Why do investors in balanced funds, i.e. those that hold a number of asset classes, hold their funds longer than those investors in more narrowly based funds? The answer is mental accounting. The investors in balanced funds with their lower volatility have fewer periods of negative performance therefore buttressing their ability to hold their funds over the long run.

However the challenge for investors is when they take a deeper peek into their portfolio components. Frequent looks at the portfolio will show some assets going up and some going down. In so doing the temptation, as always, is to dump those assets that are underperforming. Within an overall asset allocation strategy this is counterproductive.

The whole premise of asset allocation is to hold a mix of assets that over an economy cycle provide the highest risk-adjusted returns. By definition this will mean that some assets do better than others. The rise in popularity of the permanent portfolio or the all-weather portfolio since the end of the financial crisis show a desire on the part of investors to have in place an asset allocation strategy for the long run.

James Picerno at the Capital Spectator shows how challenging it is for investors to let their asset allocation strategy run through its paces. He notes the importance of investors to take a ‘holistic approach’ to their portfolios and focus on the bottom line results as opposed to the machinations of the components. Picerno writes:

Many investors aren’t focusing on these issues, in part because they’re too often focused on the pieces at the expense of the whole. But it’s the overall portfolio that defines success or failure, and so to minimize the holistic review is akin to driving with one eye closed. You may be ok, but you’re still courting disaster, and needlessly so.

The whole point of asset allocation is to own assets that perform differently under different scenarios. It might be better to think of this as ‘differsication’ as opposed to diversification. Jason Zweig at Total Return notes that finding true differsication is more difficult that commonly thought. He notes one of the biggest challenges if finding assets that will do well in light of higher inflation.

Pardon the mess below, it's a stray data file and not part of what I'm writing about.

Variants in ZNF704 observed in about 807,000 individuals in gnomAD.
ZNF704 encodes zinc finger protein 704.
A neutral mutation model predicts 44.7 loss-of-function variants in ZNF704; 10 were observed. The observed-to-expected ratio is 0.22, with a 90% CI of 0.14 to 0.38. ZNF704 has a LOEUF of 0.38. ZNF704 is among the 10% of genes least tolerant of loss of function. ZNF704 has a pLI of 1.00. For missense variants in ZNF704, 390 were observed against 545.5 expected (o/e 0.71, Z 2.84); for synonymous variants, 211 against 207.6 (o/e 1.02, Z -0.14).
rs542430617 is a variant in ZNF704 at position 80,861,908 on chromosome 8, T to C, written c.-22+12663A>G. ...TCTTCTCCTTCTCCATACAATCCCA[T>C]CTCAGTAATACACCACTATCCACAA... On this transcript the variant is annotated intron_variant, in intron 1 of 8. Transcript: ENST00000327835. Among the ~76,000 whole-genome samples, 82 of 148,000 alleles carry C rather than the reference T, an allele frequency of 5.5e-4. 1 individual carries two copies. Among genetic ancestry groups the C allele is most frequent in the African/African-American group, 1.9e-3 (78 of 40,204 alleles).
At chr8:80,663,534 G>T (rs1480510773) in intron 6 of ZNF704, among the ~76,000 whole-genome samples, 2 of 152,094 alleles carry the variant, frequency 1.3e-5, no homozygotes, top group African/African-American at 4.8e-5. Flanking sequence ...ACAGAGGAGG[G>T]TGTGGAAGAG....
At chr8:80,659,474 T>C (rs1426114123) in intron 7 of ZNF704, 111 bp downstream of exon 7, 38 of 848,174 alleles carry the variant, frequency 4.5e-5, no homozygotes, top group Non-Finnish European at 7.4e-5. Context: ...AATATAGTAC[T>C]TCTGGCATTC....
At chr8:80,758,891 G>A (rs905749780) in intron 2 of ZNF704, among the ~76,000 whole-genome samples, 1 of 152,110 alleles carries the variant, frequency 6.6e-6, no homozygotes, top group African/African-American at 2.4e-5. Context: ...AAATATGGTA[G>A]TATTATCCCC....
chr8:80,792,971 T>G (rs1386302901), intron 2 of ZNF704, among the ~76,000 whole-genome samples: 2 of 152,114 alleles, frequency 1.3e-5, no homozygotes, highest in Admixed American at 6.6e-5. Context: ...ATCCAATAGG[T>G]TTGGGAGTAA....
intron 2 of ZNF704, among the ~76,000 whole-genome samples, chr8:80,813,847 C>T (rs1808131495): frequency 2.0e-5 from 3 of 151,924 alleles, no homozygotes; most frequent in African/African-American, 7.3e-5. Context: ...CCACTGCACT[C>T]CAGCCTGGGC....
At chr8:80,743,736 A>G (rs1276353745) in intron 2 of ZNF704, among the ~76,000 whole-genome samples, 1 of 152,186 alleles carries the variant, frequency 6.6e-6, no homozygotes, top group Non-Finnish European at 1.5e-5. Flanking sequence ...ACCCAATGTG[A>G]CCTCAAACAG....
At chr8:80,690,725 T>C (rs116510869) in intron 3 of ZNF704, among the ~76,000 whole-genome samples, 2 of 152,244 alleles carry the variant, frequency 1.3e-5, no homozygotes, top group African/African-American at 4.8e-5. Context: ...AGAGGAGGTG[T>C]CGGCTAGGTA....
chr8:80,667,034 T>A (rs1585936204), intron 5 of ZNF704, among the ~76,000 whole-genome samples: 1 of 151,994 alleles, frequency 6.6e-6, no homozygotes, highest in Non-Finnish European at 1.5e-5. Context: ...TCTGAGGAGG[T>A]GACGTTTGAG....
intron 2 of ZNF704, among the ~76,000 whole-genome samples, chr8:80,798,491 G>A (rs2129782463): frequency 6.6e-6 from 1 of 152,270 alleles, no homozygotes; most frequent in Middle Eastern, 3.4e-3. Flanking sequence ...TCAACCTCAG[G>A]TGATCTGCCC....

In an earlier post I wrote skeptically about the idea of all-weather portfolios. In part because at the time I thought they were being oversold as a solution to investor fears. In my book I write that there is no perfect asset class. Nor is there any perfect asset allocation. What I wrotes in an earlier post still holds:

The first is to accept the limitations of asset allocation.  Develop a low cost, well-diversified portfolio of assets with the intent of re-balancing the asset allocation over time.  Provided that this approach includes some risk-free assets, it has the ability of tempering the losses in bear market.  However one need accept that no asset allocation plan can prevent losses in each and every time frame.

It is at times like these when a market, today US equities, is making a huge run when investors most want to flee their previously drawn up plans to dive head long into what is hot. We are admittedly living in unusual financial times, but investors need to recognize that they put their portfolio strategy in place for a reason. Tossing out underperforming assets in this light is usually a mistake and is tantamount to market timing. Investors should try their best to look holistically at their portfolios over time and let their portfolio components do what were enlisted to do in the first place.

Items mentioned above:

Permanent portfolio derivation and historical performance.  (CSS Analytics)

The ‘all weather’ portfolio derivation.  (CSS Analytics)

The whole and the parts.  (Capital Spectator)

‘Differsication’: the sequal.  (Total Return)

Abnormal Returns: Winning Strategies from the Frontlines of the Investment Blogosphere.  (Amazon)

The myth of the all-weather portfolio.  (Abnormal Returns)

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